In addition to not getting TV reception — maybe a good thing — we don’t get mail delivery, and I have to walk my trailer trash down to the Dumpster next to the biker bar.
We’ve had some minor plumbing issues — the trailer, not me — but they were quickly resolved. (Oh, and that missing dental crown? I found it on the car floor while unpacking, and have reinstalled it in my mouth.)
I couldn’t imagine pulling this trailer — it’s a late 90’s Sea Breeze — down the highway, getting it leveled and hooked up at every stop, but, sitting still, it makes for a cozy little home that sways only slightly when Ace jumps on or off the bed or the couch.
I’ve thought I should give it a name, like John Steinbeck did with his camper, Rocinante. (Feel free to submit nominations.) There’s one I like — it’s both modest and Spanish-sounding — but it isn’t original. I saw it etched into a sign at a gift shop:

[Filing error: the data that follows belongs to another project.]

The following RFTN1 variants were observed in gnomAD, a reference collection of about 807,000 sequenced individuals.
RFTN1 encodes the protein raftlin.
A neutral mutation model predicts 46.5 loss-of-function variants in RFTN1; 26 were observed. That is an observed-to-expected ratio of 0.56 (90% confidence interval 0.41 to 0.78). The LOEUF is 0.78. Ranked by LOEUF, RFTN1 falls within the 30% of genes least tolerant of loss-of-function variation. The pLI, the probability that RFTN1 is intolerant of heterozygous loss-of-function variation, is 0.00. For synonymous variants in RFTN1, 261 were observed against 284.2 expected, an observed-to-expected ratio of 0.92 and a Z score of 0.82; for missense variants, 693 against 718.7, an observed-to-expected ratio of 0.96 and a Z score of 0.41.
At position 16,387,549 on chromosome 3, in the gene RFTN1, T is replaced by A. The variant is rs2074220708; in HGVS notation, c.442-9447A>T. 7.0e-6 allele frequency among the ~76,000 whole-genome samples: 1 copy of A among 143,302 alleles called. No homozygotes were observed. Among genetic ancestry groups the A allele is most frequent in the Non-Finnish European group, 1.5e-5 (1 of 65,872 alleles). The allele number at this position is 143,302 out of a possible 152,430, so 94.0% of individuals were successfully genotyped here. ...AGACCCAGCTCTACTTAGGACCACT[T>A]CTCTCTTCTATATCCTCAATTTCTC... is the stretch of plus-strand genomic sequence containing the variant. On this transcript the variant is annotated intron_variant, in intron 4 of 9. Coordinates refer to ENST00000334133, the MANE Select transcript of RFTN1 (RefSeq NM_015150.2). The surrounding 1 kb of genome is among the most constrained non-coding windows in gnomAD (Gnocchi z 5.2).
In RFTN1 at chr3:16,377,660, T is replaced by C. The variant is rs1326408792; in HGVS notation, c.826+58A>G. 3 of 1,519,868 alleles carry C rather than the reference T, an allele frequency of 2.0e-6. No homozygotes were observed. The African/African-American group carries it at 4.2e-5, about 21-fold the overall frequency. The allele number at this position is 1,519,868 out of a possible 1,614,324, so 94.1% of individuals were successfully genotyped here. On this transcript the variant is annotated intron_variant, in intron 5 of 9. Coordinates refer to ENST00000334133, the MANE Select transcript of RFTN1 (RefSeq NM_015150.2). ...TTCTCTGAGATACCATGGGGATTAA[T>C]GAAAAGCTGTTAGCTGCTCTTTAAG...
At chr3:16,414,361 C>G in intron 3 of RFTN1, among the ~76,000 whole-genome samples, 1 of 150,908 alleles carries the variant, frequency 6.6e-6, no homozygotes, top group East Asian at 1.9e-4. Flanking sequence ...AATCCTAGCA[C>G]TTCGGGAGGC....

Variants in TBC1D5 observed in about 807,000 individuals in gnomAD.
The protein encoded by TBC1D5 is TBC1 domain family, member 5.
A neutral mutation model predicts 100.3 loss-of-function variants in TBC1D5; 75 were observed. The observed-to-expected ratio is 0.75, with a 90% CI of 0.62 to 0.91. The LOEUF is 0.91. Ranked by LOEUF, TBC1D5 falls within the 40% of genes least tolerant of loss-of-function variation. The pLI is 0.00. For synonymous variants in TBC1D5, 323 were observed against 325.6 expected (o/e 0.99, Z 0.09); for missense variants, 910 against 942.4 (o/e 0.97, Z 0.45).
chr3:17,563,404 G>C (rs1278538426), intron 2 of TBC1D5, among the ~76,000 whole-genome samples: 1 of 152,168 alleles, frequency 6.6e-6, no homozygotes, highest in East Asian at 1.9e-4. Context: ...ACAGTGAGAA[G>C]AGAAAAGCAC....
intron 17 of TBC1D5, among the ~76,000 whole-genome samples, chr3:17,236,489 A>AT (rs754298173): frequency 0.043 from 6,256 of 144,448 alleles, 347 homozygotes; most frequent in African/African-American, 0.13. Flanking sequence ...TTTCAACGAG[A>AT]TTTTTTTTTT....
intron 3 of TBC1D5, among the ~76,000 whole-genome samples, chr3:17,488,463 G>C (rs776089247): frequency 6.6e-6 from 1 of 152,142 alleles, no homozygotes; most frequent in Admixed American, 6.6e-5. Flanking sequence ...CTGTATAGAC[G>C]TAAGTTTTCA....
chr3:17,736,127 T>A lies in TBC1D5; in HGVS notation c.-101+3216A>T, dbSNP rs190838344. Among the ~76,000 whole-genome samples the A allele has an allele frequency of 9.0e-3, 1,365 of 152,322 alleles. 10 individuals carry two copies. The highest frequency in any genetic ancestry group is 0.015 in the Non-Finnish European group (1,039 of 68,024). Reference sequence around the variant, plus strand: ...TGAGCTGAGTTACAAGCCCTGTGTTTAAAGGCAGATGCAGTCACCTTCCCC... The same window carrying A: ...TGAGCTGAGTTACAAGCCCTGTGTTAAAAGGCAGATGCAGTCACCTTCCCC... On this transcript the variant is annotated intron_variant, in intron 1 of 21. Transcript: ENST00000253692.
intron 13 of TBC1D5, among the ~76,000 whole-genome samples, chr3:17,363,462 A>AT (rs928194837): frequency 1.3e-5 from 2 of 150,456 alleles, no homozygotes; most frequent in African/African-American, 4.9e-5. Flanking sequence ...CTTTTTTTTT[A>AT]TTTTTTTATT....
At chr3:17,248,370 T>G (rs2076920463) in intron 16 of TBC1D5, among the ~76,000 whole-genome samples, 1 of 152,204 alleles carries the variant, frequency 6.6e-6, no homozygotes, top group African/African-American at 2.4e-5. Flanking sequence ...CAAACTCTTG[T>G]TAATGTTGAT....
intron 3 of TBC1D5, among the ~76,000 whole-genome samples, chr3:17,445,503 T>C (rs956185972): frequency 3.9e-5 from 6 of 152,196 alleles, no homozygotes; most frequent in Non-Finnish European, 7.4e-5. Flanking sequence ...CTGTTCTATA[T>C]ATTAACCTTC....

Posted by John Woestendiek December 9th, 2010 under Muttsblog.
Tags: ace, almosta ranch, america, animals, arizona, bars, buffalo chips, bull riding, camper, campers, cave creek, desert, dogs, english bulldogs, hideaway, javelina, john steinbeck, mobile, monthly, name, neighbors, petite acres, pets, pop=outs, quail, rabbits, rental, restaurants, road trip, rv, steinbeck, trailer, trailer life, trash, travel, traveling with dogs, travels with ace, travels with charley, wildlife, woodpecker
A dog owner in Connecticut is suing his dog sitter for more than $6,000, claiming she left his prized English bulldog in the hot sun, causing it to die from heat exposure.
Gerard Carbonaro, of Oxford, filed the suit last week in Milford Superior Court, saying his dog sitter left the dog, named Riot, outside on his unshaded deck in 93-degree heat on July 17 while he was on vacation.
Carbonaro bought the dog for $2,000 in April 2007 and says he later spent more than $4,000 for veterinary care, including palate reconstruction, according to an Associated Press report. He claims the dog sitter knew about Riot’s medical history, including chronic pneumonia, and was told to keep the dog off the deck during the daytime heat.
Dog breeders say English bulldogs cannot tolerate extreme temperatures.